And here's another good one:

I'm going to be working on my own list of Strenghs, Opportunities, Weaknesses, and Threats when it comes to getting to a healthy weight. . . I'll share. Think it might help you to do it too?

Wednesday, June 10, 2009

Today's Inspiration

I heard this playing this morning--in Starbucks, of course.

Hit the parallel bars on the right in the green box (radio) to stop the usual 45 music. . .

Tuesday, June 9, 2009

Come 'on, People, Give the Cow a High Five

OK, the bad news is I ate lunch at Chick Fil a and I didn't make healthy choices. (I realized as I started to post this that ugh, it revealed my misstep and would elicit an unplanned confession--perhaps a good thing.)

But the good news is that I'm not so caught up in myself or with my life that I wouldn't take the time to smile at and give the guy in the cow suit a high five.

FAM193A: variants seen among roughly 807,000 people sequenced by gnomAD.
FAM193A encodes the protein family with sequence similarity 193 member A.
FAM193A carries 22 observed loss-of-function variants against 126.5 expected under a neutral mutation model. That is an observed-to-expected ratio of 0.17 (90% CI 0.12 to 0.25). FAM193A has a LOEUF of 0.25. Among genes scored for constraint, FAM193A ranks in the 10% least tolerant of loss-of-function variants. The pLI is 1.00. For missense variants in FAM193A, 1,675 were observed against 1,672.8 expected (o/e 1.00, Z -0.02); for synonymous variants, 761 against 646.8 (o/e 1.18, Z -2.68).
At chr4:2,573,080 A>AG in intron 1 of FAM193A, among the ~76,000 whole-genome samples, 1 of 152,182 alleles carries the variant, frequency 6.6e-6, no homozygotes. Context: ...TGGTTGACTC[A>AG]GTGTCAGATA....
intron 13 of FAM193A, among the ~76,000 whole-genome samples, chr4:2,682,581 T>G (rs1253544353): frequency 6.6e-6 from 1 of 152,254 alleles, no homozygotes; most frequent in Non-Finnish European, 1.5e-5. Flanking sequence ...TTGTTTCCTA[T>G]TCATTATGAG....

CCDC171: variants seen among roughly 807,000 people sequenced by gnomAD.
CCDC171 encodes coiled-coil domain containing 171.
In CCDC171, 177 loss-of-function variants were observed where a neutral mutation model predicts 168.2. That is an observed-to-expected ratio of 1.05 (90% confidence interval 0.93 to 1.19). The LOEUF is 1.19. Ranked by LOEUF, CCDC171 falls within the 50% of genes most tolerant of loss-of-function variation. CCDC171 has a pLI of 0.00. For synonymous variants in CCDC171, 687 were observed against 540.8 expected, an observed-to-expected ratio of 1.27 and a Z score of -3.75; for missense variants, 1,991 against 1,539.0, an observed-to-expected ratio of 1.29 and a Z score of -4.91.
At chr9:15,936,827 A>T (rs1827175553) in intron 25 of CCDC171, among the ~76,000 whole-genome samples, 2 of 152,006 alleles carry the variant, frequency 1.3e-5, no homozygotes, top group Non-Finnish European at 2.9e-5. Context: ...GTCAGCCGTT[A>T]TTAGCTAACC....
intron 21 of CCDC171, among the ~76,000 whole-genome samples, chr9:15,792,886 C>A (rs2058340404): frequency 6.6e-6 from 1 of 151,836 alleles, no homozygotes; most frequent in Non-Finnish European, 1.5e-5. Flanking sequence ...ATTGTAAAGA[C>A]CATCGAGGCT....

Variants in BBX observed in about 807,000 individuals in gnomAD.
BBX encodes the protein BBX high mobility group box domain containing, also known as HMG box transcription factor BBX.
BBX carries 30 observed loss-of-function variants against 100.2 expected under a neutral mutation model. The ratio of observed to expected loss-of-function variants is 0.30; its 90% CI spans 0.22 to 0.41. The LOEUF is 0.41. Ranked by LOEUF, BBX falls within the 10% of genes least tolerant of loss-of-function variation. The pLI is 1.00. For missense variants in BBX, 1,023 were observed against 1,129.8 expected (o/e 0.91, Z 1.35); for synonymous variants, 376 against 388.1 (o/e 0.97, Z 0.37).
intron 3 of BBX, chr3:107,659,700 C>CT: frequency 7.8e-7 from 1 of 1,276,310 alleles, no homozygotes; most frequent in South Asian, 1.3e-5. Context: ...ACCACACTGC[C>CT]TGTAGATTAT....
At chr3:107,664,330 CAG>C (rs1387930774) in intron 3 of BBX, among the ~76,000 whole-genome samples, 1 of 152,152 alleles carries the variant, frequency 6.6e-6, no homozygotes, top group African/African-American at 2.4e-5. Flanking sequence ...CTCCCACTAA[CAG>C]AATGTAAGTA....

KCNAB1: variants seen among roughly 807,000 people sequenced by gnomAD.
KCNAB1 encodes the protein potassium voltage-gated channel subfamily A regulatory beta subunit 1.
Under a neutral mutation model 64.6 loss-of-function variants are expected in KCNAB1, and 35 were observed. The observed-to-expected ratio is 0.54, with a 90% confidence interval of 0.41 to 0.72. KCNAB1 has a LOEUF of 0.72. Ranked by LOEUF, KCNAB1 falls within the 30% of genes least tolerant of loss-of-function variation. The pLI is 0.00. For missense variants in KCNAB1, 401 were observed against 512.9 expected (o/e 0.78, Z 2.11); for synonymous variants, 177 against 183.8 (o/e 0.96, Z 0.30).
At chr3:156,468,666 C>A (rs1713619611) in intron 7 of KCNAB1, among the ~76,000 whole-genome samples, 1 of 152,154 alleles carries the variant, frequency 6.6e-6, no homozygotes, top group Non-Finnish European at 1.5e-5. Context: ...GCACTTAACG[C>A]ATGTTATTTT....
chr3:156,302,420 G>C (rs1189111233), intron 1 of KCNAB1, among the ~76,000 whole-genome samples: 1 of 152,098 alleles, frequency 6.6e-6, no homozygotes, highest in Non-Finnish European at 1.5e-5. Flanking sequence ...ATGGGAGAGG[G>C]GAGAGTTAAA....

There was this one guy in there, eating and reading the paper. The guy in the cow suit, strolled slowly over to him, stopped and tilted his head staring at the guy. It was funny and adorable.
Nothing. No response.
Cow tried moving his head the other way.
Cow moved on to other people--waved at one guy, then waved at me with both hands--I waved back with both hands, then he put up his "hoof" for a high five. Why not???
The cow walked back past the guy, did the same little cute thing again--to no avail.
Moved to peek between the door and glass window next to the guy--nothing.
I mean how hard is it to give the guy making a living wearing a cow suit a little TLC? Relax. Life is too short. Give the Cow a High Five!

Sunday, June 7, 2009

Puppy Free Weekend

This weekend Hubby and I are in Charlotte visiting his daughter, her husband, and 2 of our granddaughters. They both have events this weekend.

Yesterday was the 7-year old's second piano recital, which opened with a lovely Mom-daughter duet. The best part was the pride-filled look Momma gave to daughter for the "Ready? OK!" start.

Today is the 3-year old's birthday party. If the weather cooperates it's a pool party (of the blow up 2-feet tall variety). Yesterday she greeted us in the driveway wearing her bathing suit backward with a t-shirt underneath. Why is everything they do so adorable?